Lobbyists are to blame.
The larger question is why we allow the chemical industry — by spending $100,000 on lobbying per member of Congress — to buy its way out of effective regulation of endocrine disruptors. The industry’s deceit marks a replay of Big Tobacco’s battle against regulation of smoking.
Are Your Sperm in Trouble? https://nyti.ms/2mxZcF9
Wow. A Spectacular lapse by the Federal government. ITT profited for 17 years after the gov knew it was being defrauded. A textbook example of corporate defenders in our government.
Not everybody was a loser in this tale, of course. Going through ITT’s financial filings from 2000 to 2016, I found that the company generated over $12 billion in revenue, roughly 70 percent of it in government-backed student aid.
Beginning in 2001, with George W. Bush in the White House and Republicans ruling the House of Representatives, the winds were shifting in favor of for-profit colleges.
A Whistle Was Blown on ITT; 17 Years Later, It Collapsed http://nyti.ms/2esW0We
The Republicans might get this one right.
The United States system for taxing businesses is a mess.
The current corporate income tax manages the weird trick of both taxing companies at a higher statutory rate than other advanced countries while collecting less money, as a percentage of the overall economy, than most of them. It is infinitely complicated and it gives companies incentives to borrow too much money and move operations to countries with lower tax rates.
The Major Potential Impact of a Corporate Tax Overhaul http://nyti.ms/2jeVcVl
Theft of wages by employers is estimated to costs low income workers $50 billion a year. That’s 3x greater than the total of all robberies, burglaries, larcenies, and car thefts in a year.
The central theme of NobodyisFlyingthePlane is that we’re not paying attention to the real things that harm us and the real causes of the problems we face. This is a great example. We spend enormous amounts of time, money, and mental efforts fighting theft by the disenfranchised, but we institutionally support theft from them by those higher up on the ladder.
NobodyisFlyingthePlane means we fail to see our problems for what they really are. The same behavior we enshrine as good business practice we imprison others for.
failure to pay what workers are legally entitled to can be called wage theft; in essence, it involves employers taking money that belongs to their employees and keeping it for themselves.
evidence suggests that wage theft is widespread and costs workers billions of dollars a year, a transfer from low-income employees to business owners that worsens income inequality, hurts workers and their families, and damages the sense of fairness and justice that a democracy needs to survive.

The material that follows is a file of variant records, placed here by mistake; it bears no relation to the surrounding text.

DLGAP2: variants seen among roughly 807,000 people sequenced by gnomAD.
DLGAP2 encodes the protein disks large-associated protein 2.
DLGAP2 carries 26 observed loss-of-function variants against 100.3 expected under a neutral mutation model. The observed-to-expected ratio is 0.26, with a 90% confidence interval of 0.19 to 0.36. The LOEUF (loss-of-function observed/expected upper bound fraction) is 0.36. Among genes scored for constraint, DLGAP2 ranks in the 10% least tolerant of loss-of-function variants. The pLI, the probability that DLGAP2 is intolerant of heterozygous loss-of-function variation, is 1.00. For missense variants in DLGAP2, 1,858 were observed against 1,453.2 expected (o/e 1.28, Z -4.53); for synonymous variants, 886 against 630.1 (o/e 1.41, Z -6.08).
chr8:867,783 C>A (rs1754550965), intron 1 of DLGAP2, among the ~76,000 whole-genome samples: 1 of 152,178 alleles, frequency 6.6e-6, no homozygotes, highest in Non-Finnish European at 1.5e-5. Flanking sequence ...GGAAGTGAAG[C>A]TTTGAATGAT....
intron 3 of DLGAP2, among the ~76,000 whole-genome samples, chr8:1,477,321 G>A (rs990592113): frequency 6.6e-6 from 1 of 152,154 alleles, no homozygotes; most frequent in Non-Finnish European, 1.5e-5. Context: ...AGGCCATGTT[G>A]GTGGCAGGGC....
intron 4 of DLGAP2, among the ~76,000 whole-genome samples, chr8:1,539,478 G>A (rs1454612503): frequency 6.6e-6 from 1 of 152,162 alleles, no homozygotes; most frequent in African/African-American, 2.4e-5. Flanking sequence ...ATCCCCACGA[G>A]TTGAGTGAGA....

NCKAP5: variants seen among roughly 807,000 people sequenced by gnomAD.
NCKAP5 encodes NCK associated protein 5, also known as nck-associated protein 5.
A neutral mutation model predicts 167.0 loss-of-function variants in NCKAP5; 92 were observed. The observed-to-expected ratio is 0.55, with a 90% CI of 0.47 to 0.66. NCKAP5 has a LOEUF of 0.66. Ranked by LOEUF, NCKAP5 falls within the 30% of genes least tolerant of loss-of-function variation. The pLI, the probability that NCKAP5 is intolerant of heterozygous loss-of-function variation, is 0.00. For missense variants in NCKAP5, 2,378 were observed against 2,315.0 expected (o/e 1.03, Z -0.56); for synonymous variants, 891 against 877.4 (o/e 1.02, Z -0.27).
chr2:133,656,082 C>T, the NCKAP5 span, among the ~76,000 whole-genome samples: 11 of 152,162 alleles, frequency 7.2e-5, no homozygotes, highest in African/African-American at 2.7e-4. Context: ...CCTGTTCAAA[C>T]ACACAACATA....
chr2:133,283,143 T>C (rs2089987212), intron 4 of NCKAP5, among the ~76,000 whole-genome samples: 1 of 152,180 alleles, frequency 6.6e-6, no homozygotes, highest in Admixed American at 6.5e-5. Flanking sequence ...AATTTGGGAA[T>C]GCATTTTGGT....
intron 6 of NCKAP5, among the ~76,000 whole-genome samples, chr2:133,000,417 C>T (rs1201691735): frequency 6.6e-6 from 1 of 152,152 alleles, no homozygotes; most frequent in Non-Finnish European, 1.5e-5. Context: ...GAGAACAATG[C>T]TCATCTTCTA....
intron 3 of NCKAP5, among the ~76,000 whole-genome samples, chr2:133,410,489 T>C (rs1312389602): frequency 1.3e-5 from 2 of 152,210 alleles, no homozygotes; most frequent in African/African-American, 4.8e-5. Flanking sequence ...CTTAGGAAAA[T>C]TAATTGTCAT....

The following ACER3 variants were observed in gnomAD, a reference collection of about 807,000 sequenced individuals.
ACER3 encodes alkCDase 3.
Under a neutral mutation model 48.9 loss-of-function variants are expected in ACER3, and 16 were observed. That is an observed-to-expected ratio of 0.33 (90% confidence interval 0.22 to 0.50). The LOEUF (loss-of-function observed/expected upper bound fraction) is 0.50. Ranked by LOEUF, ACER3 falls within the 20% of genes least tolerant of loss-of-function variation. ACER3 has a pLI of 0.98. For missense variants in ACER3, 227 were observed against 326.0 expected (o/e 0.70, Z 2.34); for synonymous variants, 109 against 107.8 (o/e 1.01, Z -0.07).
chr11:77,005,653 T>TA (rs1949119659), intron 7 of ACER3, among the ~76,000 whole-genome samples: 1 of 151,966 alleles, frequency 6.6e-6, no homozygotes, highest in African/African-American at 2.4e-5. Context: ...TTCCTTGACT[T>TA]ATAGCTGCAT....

All of the robberies, burglaries, larcenies, and motor vehicle thefts in the nation cost their victims less than $14 billion in 2012, according to the FBI’s Uniform Crime Reports.That is well over one-third of the estimated cost of wage theft nationwide.
Underscoring how widespread the problem of wage theft is, Kentucky Labor Cabinet spokesperson Daniel Lowry reported that the state collected $4.4 million in restitution on wage theft cases in 2013, while comparatively all robberies in the state totaled $2.5 million.
It’s still hard to believe that anything but separatism, bigotry, misogyny, and small mindedness drove Trump supporters.
But it’s not hard to believe that Wall Street running our political machine makes people mad. When no one on Wall Street got punished for the recession yet most Americans felt the consequences it was an unspoken travesty. Now maybe it’s going to be dealt with.
“Are you going to return to the situation under Bush and Clinton where Wall Street wrote its own rules in the back room?” Mr. Stanley asked. “Or are you going to put forward something that constitutes a genuine alternative and that will prevent Wall Street from rigging the economy?”
How Letting Bankers Off the Hook May Have Tipped the Election http://nyti.ms/2eoC61h
The for profit school model is broken and needs to be curtailed. Schools which are effectively dependent on government loans need to be closed. Providing crap education in exchange for taxpayer money and profits for stockholders is fraudulent.
the only way to hold schools accountable is to make the cost of abuse high.
Late to the Fight Against Predator Schools http://nyti.ms/2cxLDyg
This article makes the case that better regulation is far more effective than criminal prosecution for corporate misdeeds.
A well-enforced regulatory regime lacks the TV-movie narrative arc of a criminal trial. But none of these crimes could have been committed if the government had been doing its job properly.
With regulatory structures in willful disrepair, the corporate world has become one more sphere colonized by the police and prosecutors. But even as progressives have begun to question the overuse of criminal law elsewhere, its encroachments into the white-collar world are generally cheered: Finally, a chance to stick it to “crime in the suites”!
Criminal law, however, turns out to be a lot better at catching the small, sad fish of middle management than the sharks of industry and finance. Go to the F.B.I.’s “most wanted” webpage for white-collar crime and what leaps out is how many on the list are nonwhite and how petty their swindles are.
The injustice of the Flint contamination and other safety disasters demand a meaningful response. Criminal law is not the right tool for the job.
The Real Crime Is What’s Not Done http://nyti.ms/2bF6sum